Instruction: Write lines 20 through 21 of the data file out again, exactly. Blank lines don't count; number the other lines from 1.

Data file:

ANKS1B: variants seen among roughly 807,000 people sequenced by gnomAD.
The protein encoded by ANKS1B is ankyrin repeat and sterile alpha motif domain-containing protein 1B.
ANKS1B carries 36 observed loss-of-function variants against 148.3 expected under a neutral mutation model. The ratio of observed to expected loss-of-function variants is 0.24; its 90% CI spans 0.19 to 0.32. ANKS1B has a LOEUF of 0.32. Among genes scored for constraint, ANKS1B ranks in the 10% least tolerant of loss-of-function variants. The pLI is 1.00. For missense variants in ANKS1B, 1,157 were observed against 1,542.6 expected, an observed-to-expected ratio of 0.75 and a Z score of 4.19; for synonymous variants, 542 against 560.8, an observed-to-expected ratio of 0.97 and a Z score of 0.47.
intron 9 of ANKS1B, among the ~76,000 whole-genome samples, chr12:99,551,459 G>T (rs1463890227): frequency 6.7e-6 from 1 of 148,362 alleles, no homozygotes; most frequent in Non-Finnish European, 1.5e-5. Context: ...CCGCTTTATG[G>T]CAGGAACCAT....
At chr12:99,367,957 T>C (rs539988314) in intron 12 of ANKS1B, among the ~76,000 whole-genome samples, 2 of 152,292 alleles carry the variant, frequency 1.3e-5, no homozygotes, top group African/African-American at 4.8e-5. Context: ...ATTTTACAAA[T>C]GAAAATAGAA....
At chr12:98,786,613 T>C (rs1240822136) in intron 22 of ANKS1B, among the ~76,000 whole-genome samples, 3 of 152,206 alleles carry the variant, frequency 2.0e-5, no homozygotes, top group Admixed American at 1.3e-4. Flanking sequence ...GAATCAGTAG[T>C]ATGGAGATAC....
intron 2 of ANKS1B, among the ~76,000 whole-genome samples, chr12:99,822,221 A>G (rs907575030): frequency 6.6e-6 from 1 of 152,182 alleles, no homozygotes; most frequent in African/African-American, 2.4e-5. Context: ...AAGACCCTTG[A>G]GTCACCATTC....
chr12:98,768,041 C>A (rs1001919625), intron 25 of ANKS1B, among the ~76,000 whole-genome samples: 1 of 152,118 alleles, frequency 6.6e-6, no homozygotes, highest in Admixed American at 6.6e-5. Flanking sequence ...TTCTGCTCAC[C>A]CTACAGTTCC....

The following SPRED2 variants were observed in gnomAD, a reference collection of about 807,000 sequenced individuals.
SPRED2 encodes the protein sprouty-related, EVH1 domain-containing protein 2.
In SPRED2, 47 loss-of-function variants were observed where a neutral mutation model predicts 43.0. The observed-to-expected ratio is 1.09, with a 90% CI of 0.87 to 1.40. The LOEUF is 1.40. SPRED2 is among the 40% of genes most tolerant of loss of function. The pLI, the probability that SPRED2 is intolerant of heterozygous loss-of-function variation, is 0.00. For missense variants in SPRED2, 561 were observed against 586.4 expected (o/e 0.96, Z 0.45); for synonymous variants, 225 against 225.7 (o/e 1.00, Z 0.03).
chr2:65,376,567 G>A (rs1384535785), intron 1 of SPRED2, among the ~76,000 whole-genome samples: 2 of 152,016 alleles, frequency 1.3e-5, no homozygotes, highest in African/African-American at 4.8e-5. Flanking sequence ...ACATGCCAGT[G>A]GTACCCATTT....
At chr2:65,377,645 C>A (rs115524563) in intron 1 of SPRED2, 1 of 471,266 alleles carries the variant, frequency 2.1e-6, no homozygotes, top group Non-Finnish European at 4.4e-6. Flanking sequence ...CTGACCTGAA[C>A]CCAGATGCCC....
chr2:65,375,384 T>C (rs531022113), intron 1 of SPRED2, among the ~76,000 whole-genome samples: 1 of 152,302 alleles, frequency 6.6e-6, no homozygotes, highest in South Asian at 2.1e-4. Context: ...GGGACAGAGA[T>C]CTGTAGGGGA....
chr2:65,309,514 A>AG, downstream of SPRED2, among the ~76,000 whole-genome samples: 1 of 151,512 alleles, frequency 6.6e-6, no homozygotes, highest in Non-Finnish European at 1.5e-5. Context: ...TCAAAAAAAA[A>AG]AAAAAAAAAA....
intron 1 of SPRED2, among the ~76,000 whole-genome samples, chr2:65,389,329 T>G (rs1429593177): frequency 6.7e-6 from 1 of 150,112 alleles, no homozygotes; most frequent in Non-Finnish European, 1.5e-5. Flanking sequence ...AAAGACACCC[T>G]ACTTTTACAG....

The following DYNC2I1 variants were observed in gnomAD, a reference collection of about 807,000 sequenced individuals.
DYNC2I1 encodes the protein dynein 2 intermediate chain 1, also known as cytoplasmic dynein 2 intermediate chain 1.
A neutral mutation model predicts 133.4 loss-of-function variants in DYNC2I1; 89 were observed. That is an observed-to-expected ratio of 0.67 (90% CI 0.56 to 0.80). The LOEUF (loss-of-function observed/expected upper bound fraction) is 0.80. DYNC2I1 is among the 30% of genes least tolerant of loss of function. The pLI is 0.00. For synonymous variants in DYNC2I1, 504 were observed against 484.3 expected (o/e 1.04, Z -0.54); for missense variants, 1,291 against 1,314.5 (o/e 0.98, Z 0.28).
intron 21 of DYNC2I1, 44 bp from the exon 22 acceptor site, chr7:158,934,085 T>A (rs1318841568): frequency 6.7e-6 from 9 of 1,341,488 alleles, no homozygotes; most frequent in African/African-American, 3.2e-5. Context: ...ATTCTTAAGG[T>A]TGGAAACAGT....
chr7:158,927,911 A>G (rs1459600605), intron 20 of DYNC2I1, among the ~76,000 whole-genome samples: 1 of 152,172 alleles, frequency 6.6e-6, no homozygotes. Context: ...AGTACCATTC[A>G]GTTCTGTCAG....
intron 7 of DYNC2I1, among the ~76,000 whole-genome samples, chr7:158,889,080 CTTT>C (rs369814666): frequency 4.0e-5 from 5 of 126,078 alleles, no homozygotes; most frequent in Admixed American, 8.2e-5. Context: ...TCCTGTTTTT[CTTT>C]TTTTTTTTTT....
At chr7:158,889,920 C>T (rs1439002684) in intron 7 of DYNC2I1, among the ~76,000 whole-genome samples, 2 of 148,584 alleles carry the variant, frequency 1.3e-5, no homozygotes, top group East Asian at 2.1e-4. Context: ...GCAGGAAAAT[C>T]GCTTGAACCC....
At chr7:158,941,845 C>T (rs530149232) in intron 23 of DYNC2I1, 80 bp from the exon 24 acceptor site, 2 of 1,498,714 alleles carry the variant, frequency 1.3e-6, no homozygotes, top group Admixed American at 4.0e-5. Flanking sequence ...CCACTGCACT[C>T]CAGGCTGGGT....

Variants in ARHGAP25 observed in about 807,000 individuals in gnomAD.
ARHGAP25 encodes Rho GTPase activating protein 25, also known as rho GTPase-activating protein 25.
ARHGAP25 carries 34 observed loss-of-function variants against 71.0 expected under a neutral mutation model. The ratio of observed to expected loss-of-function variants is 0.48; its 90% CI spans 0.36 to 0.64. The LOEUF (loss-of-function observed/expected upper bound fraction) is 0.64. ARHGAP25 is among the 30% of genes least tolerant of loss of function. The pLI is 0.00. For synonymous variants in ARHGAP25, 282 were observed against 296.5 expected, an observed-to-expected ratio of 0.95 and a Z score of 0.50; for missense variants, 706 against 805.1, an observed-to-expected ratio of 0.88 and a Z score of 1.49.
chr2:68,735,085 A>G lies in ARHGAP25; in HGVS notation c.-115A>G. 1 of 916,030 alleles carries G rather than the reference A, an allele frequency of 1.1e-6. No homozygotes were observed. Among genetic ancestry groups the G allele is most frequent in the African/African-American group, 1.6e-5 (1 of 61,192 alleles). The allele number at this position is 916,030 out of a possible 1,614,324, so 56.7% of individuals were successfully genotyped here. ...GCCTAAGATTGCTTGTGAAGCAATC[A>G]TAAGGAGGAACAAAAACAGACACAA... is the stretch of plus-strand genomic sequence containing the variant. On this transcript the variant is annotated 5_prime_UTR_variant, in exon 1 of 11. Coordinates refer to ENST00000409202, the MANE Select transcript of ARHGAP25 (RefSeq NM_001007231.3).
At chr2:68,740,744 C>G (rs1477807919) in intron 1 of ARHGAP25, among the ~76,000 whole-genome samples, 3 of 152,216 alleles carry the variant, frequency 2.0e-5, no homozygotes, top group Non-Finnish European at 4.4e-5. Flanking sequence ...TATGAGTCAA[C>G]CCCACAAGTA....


intron 21 of DYNC2I1, 44 bp from the exon 22 acceptor site, chr7:158,934,085 T>A (rs1318841568): frequency 6.7e-6 from 9 of 1,341,488 alleles, no homozygotes; most frequent in African/African-American, 3.2e-5. Context: ...ATTCTTAAGG[T>A]TGGAAACAGT....
chr7:158,927,911 A>G (rs1459600605), intron 20 of DYNC2I1, among the ~76,000 whole-genome samples: 1 of 152,172 alleles, frequency 6.6e-6, no homozygotes. Context: ...AGTACCATTC[A>G]GTTCTGTCAG....